Five major pairings for the holidays

Composed of young owners, sommeliers and chefs from some excellent restaurants and wine bars, the Club des Oenonautes has invited us every year since 2014 to (re)discover the Bordeaux-sphere by popping open a few bottles of wine produced by their favorite winemakers. With the holidays just a few days away, five oenonauts from Paris, Bordeaux and Lyon have compiled an exclusive list of their favorite food and Bordeaux wine pairings for us, with explanations about why they work so well together…. Giving you plenty of ammunition to really shine at all of your high society events.

The most Nippo-compatible
At the wild Asian restaurant Peco Peco in Paris, Benjamin Perrier – who was born in Cussac-Fort-Médoc! – recommends a biodynamic Blanc Bonhomme 2015 from the Château Peybonhomme-les-Tours (€28 a bottle) to go with the bonito tataki made by chef Yoshiaki Mantani.
What to say, as casually as possible: “This Sauvignon-Sémillion blend is dry, fresh, mineral and well balanced all at once, perfectly complementing the melt-in-your-mouth fattiness of the lightly seared bonito.”

The kindest to your bank account
Amongst the good ideas of oenonaut Guillaume McColskey from the nice bistro L’Orillon Bar, this Natural Circus 2014 from Patrick Erésué (€4 a glass, €19 a bottle) is a welcome troublemaker in the great circus of Bordeaux wines…. And it’s in perfect harmony with the laid-back bistro fare made by Thomas Chevrier.
How to describe it to friends while opening up a bottle: “It’s typically a sweet and gourmet aperitif wine with fruity notes; it pairs perfectly with a pan con tomate or a charcuterie platter.”

The youngest vintage
On the menu of Guillaume Dupré’s Bordeaux wine bar Coinstot Vino, you’ll find the Saint-Émilion grand cru Château Meylet 2001 (€112 a bottle in house, €100 to go) from the biodynamic winemaker Michel Favard, with no added sugars, yeasts or sulfites…. It goes wonderfully with the mischievous cuisine made by Frédéric Marque.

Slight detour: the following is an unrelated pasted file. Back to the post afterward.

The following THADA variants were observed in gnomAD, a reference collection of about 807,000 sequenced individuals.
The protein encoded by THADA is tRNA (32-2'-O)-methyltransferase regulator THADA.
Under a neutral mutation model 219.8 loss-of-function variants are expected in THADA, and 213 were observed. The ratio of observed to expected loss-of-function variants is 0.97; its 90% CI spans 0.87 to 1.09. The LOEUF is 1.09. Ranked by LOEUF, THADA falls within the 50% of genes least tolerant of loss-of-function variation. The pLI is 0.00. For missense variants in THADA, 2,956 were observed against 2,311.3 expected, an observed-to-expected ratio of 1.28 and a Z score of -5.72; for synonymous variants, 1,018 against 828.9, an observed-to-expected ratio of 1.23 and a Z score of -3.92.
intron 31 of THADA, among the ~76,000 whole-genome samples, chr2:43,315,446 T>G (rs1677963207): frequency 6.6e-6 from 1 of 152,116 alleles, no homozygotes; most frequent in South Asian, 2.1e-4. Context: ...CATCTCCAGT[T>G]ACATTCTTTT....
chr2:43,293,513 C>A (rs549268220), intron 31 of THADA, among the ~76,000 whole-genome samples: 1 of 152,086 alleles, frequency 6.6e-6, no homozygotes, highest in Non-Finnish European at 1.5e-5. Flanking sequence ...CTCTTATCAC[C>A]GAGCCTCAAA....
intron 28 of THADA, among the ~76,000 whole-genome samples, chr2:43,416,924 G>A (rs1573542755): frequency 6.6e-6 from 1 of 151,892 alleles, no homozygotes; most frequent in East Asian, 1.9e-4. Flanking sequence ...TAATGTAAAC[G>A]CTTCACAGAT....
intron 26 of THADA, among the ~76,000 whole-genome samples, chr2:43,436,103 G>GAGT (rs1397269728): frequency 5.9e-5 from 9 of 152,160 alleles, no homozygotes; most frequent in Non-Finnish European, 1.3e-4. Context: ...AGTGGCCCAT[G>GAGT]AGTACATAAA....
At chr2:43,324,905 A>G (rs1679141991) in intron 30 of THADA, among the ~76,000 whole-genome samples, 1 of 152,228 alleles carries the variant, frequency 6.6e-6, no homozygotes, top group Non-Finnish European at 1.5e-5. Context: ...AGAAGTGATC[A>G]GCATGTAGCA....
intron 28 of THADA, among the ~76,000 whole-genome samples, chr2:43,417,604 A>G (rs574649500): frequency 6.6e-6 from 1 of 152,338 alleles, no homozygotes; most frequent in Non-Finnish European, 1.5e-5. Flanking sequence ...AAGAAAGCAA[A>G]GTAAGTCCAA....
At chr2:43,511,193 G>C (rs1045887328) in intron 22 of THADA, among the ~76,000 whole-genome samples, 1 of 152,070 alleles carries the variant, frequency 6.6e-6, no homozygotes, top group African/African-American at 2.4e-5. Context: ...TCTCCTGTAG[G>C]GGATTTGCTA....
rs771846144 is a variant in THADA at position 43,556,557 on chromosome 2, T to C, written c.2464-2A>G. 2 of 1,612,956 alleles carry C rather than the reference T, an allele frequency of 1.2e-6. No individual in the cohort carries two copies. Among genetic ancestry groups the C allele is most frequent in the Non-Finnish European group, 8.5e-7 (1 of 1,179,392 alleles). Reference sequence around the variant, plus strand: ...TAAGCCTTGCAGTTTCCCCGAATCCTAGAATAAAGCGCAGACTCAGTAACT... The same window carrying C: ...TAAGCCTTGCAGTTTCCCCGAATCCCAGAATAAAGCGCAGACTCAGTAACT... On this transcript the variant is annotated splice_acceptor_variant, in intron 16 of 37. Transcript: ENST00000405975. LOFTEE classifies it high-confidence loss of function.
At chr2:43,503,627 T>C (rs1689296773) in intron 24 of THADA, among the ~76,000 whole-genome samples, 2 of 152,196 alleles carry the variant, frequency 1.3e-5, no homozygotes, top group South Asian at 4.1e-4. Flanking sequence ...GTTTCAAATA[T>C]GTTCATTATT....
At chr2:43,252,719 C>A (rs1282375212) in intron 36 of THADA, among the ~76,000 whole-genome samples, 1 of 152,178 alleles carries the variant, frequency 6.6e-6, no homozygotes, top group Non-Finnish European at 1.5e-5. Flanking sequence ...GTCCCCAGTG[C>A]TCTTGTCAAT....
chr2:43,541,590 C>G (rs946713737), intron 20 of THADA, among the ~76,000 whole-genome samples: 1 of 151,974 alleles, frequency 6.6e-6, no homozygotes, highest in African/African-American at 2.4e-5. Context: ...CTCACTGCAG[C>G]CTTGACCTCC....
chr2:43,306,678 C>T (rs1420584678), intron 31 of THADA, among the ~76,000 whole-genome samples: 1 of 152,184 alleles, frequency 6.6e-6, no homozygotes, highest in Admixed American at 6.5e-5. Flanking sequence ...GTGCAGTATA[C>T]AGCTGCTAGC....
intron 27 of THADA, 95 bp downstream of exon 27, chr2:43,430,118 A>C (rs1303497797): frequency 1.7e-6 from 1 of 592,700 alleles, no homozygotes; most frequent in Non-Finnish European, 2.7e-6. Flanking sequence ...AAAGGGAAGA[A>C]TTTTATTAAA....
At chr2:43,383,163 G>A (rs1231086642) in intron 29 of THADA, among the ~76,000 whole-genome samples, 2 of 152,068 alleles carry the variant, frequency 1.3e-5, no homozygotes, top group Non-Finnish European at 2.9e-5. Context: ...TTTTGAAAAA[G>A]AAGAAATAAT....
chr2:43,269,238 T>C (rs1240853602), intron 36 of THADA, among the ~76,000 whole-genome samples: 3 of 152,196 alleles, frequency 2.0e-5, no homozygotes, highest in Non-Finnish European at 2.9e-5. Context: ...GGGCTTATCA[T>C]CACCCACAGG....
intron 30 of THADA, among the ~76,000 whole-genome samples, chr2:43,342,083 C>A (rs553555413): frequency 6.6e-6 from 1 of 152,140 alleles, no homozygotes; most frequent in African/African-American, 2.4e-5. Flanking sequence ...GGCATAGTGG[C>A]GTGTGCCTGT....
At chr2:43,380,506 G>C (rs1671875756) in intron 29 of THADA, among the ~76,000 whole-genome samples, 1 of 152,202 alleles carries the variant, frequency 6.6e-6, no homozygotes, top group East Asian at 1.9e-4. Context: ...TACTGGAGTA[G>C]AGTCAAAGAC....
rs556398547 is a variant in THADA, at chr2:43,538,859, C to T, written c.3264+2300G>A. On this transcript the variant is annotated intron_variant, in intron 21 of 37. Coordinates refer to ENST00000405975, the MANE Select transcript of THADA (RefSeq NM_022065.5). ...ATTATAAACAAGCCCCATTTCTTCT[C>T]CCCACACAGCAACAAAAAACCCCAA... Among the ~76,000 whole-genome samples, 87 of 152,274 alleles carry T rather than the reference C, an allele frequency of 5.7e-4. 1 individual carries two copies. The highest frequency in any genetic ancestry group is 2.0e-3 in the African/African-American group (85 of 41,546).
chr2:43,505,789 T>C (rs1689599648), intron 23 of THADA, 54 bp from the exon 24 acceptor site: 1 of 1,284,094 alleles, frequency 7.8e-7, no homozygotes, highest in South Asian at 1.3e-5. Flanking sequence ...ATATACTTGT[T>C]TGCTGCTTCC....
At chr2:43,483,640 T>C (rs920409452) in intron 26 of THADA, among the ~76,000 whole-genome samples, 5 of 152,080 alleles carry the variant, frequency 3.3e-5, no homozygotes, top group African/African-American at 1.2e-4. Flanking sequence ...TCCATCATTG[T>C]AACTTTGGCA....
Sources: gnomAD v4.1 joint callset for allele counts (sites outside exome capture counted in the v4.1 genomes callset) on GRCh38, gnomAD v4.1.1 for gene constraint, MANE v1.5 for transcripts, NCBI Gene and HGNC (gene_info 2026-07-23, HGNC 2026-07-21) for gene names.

A poem to recite with a Girondin accent as you serve it: “Its leafy and herby notes, with hints of fern and fresh humus, have a divine ability to bring a little freshness to a grilled steak.”

The most Bordeaux fusion
In Bordeaux, Miles (Le Guide Fooding’s Best Restaurant of 2015) has fabulous fusion food, prepared and served by its diverse staff and owner-chefs: Ayako from Japan, Gil from Israel, Laura from New Caledonia and Arnaud, who is French-Vietnamese! They all place their trust the Camille Schall, the house’s wine lady, who had everyone in agreement with a Pessac-Léognan rosé cuvée Paul 2015 from the Château Haut-Gergey (€7 a glass, €35 a bottle), made with grapes that were harvested by hand!
The winning argument: “With highly concentrated red berry notes, this rosé is perfect with the flame-charred mackerel, coffee-infused mayonnaise, celery root and buttermilk dish that Arnaud and Gil like making for their clients and friends.”

The most atypical of the Hauts-Médoc wines
To bring out the best in Mélik Debadji’s exquisite dishes, Charline Bellanger, the sommelier at L’Ebauche (Lyon), unveils her secret weapon: the cuvée 2014 Closeries des Moussis. A Haut-Médoc wine produced by two women, Laurence Alias and Pascale Choime (€45 a bottle).
The description to whet people’s appetites: “In Laurence and Pascale’s wine, you won’t notice the typical wood flavor of barrel-aged wines. It’s much fresher than that, with an ampleness that complements the fat of a duck breast or a chocolate mousse.”

Illustration by Antoine Corbineau, from Le Guide Fooding 2017

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